Either way there's almost no way in common Earth systems to get to 0.75 ohms on a pole ground electrode, let along through 30 feet of dirt to another ground electrode. I'll bet the pole is tied in, it's just buried with the customer ground grid. Not common practice but we do it all the time industrially. Even if it's not, NEC kind of suggests 25 ohms or less for grounding electrodes, and IEEE standard 8p for substations recommends under 1 ohm. If your ground is really that goid it is effectively grounded really well. You should be treating it as solidly grounded in terms of arc flash modelling because that's what it is. Low resistance grounds at 480 V ads around 0.7 ohms and high resistance systems are usually at least 10 ohms, often closer to over 100 ohms. IEEE 1584-2002 would treat high resistance as ungrounded but low resistance and solidly grounded the same.


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 Post subject: Re: Transformer Impedance
PostPosted: Fri Sep 28, 2018 4:32 am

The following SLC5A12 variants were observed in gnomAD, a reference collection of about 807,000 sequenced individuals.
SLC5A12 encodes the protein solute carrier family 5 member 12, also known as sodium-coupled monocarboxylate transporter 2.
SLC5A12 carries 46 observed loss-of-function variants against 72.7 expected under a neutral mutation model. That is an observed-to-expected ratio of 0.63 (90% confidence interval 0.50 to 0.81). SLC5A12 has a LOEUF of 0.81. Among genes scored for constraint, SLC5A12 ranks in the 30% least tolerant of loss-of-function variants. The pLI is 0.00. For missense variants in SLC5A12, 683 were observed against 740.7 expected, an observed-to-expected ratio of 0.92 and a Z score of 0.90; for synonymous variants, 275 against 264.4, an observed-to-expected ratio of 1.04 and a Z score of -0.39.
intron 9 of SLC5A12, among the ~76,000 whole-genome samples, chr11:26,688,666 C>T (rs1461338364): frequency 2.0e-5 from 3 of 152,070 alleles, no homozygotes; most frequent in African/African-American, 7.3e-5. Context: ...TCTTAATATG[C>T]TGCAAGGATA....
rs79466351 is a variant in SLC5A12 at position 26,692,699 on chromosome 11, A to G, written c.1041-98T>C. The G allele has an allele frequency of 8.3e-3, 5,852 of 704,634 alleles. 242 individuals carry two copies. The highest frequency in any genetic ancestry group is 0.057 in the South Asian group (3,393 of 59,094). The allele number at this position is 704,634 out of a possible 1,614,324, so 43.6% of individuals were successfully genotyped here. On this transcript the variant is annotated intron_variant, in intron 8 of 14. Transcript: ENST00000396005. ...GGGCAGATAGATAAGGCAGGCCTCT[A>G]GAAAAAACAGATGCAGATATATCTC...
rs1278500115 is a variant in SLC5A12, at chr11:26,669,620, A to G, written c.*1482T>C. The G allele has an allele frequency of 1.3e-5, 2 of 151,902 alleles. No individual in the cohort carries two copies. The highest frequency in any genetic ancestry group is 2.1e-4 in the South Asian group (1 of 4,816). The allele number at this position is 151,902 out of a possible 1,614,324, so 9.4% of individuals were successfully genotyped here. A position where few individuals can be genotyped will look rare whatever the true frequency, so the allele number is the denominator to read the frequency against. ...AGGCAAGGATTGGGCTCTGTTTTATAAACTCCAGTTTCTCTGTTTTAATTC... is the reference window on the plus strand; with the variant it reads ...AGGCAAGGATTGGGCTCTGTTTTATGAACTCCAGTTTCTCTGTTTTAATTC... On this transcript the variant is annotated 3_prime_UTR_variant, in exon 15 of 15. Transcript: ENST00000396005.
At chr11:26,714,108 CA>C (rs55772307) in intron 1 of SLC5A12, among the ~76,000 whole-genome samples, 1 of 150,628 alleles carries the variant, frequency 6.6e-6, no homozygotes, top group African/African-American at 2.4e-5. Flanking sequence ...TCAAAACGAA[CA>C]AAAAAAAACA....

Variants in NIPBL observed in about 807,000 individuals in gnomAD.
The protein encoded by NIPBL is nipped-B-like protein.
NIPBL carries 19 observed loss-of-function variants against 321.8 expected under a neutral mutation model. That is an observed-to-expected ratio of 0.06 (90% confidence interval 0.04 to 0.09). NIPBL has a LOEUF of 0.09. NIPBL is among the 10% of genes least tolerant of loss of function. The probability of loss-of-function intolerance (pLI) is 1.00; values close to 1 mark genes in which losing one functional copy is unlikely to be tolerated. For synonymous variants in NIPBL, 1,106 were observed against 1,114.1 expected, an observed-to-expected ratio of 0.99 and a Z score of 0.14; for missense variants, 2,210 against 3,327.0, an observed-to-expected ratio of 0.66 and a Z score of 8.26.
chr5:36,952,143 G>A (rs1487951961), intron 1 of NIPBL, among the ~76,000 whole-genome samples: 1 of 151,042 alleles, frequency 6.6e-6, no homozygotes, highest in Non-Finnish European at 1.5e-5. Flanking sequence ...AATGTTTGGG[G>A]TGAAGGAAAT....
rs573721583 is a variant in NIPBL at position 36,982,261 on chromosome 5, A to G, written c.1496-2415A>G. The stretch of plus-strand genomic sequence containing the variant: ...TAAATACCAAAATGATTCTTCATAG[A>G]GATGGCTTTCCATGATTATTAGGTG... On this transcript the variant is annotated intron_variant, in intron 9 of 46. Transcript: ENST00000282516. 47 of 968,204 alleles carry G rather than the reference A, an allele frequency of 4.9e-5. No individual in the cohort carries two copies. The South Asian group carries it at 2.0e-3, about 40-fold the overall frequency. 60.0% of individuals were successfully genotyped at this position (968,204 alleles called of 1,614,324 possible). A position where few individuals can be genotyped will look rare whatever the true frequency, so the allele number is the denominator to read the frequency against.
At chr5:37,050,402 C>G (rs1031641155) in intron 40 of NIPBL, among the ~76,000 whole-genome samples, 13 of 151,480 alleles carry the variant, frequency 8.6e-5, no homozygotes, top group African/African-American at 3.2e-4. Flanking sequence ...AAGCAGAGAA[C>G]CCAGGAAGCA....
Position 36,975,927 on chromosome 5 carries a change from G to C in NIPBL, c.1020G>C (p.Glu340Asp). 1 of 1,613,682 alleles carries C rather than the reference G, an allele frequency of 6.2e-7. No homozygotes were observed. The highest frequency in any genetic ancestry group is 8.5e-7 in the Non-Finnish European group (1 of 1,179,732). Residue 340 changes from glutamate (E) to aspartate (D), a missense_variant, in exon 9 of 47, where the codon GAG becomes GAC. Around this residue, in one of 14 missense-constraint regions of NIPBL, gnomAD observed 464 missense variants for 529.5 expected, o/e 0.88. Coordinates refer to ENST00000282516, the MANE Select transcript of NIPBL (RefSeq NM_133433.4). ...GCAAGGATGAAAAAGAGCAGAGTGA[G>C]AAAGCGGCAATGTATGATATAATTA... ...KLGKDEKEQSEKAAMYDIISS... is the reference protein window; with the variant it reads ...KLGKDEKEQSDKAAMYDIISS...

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Are you including the utility fusing on the primary side of the pole mount cluster? Or are you just letting it run to 2 secs? utililizing the utility fuses may make a big difference.

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 Post subject: Re: Transformer Impedance
PostPosted: Mon Oct 01, 2018 8:08 am 

Joined: Fri Sep 28, 2018 7:32 am
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Location: Evansville, IN
wbd wrote:
Are you including the utility fusing on the primary side of the pole mount cluster? Or are you just letting it run to 2 secs? utililizing the utility fuses may make a big difference.


We are letting it run for the full 2 seconds. Another firm completed the arc flash and did not investigate to determine what fusing is being used on the primary side. I now have plans in place with the customer to investigate the primary fusing when they are being accessed for other reasons so that we can get them added to the model.